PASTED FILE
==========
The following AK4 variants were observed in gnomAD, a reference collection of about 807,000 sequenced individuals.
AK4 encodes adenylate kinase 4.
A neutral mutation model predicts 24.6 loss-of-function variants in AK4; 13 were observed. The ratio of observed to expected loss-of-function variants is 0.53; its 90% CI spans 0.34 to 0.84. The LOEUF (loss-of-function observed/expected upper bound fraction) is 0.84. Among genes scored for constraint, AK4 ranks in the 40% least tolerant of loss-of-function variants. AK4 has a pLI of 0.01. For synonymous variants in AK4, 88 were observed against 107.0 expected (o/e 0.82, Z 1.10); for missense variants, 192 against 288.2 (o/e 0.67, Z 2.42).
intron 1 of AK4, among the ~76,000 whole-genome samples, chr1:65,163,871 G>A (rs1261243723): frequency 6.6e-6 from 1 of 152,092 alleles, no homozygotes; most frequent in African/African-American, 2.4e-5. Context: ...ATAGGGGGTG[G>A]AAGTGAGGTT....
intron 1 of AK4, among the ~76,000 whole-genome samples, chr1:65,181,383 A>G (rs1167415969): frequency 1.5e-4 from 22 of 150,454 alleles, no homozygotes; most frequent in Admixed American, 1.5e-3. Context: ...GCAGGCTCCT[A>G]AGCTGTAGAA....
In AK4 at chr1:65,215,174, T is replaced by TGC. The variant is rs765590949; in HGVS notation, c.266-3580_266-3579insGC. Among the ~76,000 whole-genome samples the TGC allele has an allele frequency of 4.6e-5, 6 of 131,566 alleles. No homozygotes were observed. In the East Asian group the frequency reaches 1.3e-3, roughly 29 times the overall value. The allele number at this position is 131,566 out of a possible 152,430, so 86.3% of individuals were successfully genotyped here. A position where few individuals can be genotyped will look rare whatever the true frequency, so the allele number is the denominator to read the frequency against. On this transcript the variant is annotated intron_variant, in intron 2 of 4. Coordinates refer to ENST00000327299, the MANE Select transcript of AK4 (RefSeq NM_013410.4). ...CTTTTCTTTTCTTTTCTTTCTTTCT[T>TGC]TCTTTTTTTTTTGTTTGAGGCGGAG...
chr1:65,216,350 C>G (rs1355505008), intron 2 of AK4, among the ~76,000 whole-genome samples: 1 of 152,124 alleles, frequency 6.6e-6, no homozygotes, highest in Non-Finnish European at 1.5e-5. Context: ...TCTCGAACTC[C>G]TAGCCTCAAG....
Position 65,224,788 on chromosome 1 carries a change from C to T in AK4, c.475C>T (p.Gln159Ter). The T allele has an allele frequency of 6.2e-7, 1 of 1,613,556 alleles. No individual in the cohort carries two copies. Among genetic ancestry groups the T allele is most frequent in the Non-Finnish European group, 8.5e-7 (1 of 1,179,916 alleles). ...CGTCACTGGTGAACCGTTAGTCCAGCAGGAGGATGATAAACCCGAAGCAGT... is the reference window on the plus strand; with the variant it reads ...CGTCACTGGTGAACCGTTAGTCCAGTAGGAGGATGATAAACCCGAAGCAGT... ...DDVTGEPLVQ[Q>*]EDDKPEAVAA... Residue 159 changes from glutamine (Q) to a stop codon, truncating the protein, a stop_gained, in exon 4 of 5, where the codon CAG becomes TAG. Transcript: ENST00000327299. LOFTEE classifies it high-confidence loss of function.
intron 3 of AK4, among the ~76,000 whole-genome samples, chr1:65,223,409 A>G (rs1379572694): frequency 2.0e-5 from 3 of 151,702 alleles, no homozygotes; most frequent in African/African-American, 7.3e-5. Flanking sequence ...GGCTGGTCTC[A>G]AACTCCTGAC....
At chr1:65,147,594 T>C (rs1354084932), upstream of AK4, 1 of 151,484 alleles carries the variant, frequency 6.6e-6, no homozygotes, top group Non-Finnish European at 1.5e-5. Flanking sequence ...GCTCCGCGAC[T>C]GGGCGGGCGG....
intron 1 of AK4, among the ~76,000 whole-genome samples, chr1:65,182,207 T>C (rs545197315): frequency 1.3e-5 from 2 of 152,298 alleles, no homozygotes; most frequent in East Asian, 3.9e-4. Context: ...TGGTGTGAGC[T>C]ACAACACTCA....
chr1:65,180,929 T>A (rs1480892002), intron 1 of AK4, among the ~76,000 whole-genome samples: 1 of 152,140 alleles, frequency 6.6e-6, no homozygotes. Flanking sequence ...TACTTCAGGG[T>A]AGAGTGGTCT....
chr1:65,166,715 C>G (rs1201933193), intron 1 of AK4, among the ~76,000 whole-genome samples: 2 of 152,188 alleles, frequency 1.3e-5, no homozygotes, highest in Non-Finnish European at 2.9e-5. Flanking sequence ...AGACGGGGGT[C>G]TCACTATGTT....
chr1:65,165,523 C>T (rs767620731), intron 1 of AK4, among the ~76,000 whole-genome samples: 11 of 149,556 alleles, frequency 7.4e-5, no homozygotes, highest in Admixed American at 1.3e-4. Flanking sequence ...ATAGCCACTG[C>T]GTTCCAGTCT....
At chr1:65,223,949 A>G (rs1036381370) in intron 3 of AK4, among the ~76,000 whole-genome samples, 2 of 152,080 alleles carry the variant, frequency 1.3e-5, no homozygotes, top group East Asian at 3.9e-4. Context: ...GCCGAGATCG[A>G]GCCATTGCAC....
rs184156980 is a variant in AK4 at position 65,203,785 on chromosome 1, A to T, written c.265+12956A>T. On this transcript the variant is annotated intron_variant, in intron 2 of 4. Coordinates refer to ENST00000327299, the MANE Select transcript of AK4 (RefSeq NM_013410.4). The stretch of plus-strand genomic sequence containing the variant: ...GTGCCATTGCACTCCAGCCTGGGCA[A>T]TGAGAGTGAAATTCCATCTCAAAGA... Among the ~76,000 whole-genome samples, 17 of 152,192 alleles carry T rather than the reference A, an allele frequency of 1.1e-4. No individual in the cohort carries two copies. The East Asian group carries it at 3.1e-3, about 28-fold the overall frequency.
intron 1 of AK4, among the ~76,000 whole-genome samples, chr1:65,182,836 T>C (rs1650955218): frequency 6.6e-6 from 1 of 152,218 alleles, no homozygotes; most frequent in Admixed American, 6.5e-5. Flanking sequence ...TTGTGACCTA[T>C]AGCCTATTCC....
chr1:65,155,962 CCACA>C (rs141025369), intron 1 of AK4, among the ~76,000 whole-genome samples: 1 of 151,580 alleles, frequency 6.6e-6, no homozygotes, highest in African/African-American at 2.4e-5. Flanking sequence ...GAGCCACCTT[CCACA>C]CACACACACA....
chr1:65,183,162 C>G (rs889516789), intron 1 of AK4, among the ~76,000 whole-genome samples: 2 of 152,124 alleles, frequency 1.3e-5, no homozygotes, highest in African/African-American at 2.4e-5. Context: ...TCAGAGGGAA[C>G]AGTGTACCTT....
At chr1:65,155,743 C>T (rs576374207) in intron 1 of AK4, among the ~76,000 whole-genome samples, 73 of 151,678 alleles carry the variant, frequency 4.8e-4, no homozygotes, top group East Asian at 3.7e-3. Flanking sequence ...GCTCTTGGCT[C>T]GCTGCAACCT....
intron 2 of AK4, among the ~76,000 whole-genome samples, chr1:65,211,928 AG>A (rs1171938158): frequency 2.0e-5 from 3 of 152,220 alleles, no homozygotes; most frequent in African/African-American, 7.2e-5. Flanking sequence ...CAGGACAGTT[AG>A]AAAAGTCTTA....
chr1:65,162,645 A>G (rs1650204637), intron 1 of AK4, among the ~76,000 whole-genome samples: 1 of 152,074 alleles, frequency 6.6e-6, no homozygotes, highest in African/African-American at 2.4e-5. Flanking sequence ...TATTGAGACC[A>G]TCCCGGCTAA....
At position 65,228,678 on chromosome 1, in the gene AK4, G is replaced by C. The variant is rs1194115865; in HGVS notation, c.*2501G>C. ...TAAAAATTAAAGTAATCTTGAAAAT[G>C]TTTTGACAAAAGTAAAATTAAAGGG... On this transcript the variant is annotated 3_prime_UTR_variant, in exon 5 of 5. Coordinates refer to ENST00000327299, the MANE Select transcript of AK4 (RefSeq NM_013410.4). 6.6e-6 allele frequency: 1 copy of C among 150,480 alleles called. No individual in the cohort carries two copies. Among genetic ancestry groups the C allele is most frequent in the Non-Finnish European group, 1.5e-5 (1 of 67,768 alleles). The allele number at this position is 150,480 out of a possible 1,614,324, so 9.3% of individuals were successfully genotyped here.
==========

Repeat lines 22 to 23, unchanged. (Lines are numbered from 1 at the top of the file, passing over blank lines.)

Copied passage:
chr1:65,162,645 A>G (rs1650204637), intron 1 of AK4, among the ~76,000 whole-genome samples: 1 of 152,074 alleles, frequency 6.6e-6, no homozygotes, highest in African/African-American at 2.4e-5. Flanking sequence ...TATTGAGACC[A>G]TCCCGGCTAA....
At position 65,228,678 on chromosome 1, in the gene AK4, G is replaced by C. The variant is rs1194115865; in HGVS notation, c.*2501G>C. ...TAAAAATTAAAGTAATCTTGAAAAT[G>C]TTTTGACAAAAGTAAAATTAAAGGG... On this transcript the variant is annotated 3_prime_UTR_variant, in exon 5 of 5. Coordinates refer to ENST00000327299, the MANE Select transcript of AK4 (RefSeq NM_013410.4). 6.6e-6 allele frequency: 1 copy of C among 150,480 alleles called. No individual in the cohort carries two copies. Among genetic ancestry groups the C allele is most frequent in the Non-Finnish European group, 1.5e-5 (1 of 67,768 alleles). The allele number at this position is 150,480 out of a possible 1,614,324, so 9.3% of individuals were successfully genotyped here.